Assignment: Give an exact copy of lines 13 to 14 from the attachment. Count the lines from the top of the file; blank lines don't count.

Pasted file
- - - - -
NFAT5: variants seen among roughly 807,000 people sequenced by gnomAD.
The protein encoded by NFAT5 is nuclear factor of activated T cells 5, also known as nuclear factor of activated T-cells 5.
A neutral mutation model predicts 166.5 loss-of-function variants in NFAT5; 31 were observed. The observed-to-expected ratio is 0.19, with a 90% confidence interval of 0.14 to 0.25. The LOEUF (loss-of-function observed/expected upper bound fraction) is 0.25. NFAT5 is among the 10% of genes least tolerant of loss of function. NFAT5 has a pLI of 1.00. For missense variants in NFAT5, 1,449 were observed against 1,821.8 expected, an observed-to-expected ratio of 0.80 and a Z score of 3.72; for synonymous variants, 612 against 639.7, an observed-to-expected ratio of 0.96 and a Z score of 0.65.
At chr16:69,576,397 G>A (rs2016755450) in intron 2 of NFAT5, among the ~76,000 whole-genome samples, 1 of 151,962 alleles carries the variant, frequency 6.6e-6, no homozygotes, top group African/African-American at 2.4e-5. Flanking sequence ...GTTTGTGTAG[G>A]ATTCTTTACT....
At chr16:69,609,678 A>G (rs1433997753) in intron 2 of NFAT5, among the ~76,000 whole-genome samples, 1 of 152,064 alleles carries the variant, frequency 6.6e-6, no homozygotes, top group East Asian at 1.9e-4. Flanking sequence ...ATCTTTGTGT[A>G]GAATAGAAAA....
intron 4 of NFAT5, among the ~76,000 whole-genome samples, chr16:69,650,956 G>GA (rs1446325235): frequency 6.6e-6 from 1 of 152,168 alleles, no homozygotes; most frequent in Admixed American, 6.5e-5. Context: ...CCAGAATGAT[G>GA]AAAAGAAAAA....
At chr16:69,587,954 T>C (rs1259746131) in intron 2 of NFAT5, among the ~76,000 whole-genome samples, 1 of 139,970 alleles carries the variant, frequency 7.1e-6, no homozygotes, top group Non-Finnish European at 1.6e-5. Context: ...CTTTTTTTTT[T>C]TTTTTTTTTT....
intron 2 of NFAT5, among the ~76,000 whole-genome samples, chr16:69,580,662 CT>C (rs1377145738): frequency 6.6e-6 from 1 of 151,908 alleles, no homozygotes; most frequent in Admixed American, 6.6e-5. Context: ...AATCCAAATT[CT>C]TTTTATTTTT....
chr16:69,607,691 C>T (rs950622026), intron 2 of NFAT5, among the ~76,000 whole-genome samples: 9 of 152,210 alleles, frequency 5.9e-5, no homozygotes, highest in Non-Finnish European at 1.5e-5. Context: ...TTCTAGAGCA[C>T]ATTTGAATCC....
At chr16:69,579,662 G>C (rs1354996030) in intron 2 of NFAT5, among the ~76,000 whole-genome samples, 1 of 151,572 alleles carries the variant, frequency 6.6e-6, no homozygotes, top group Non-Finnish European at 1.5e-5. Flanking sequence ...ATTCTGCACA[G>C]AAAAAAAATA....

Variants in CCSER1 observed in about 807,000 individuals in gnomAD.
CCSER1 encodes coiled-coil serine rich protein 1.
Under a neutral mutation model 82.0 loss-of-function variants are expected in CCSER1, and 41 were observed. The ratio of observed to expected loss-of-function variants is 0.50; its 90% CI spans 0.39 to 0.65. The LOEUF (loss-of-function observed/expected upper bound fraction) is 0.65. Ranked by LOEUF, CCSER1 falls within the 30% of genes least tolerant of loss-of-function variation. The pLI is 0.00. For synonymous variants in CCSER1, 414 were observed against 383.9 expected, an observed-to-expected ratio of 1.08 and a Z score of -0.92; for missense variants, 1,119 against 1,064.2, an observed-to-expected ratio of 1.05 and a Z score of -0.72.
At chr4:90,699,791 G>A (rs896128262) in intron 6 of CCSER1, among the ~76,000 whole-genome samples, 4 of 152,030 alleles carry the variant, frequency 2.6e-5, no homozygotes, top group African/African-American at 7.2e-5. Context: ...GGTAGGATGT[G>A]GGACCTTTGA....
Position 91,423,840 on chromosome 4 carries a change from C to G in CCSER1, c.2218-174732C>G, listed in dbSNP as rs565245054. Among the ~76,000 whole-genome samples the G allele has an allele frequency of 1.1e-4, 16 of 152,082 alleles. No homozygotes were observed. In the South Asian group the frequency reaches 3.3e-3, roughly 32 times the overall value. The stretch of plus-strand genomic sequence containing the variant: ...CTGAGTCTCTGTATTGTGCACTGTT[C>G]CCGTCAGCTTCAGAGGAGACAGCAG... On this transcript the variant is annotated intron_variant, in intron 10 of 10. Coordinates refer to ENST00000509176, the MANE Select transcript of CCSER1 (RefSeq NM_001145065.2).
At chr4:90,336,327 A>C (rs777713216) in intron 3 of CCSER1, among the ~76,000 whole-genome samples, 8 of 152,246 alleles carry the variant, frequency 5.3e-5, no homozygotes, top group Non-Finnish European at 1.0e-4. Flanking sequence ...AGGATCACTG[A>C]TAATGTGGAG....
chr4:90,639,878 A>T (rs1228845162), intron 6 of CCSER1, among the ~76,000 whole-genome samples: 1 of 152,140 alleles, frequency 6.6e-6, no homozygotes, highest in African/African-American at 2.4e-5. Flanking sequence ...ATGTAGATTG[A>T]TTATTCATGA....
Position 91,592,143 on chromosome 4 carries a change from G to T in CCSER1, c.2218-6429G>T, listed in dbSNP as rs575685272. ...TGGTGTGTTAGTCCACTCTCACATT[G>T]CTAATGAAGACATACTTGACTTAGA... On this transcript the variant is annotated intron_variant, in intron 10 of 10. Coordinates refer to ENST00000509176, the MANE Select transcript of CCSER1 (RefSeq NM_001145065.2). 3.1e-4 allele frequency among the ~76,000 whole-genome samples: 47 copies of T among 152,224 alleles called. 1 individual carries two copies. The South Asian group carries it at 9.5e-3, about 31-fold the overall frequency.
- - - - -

Under a neutral mutation model 82.0 loss-of-function variants are expected in CCSER1, and 41 were observed. The ratio of observed to expected loss-of-function variants is 0.50; its 90% CI spans 0.39 to 0.65. The LOEUF (loss-of-function observed/expected upper bound fraction) is 0.65. Ranked by LOEUF, CCSER1 falls within the 30% of genes least tolerant of loss-of-function variation. The pLI is 0.00. For synonymous variants in CCSER1, 414 were observed against 383.9 expected, an observed-to-expected ratio of 1.08 and a Z score of -0.92; for missense variants, 1,119 against 1,064.2, an observed-to-expected ratio of 1.05 and a Z score of -0.72.
At chr4:90,699,791 G>A (rs896128262) in intron 6 of CCSER1, among the ~76,000 whole-genome samples, 4 of 152,030 alleles carry the variant, frequency 2.6e-5, no homozygotes, top group African/African-American at 7.2e-5. Context: ...GGTAGGATGT[G>A]GGACCTTTGA....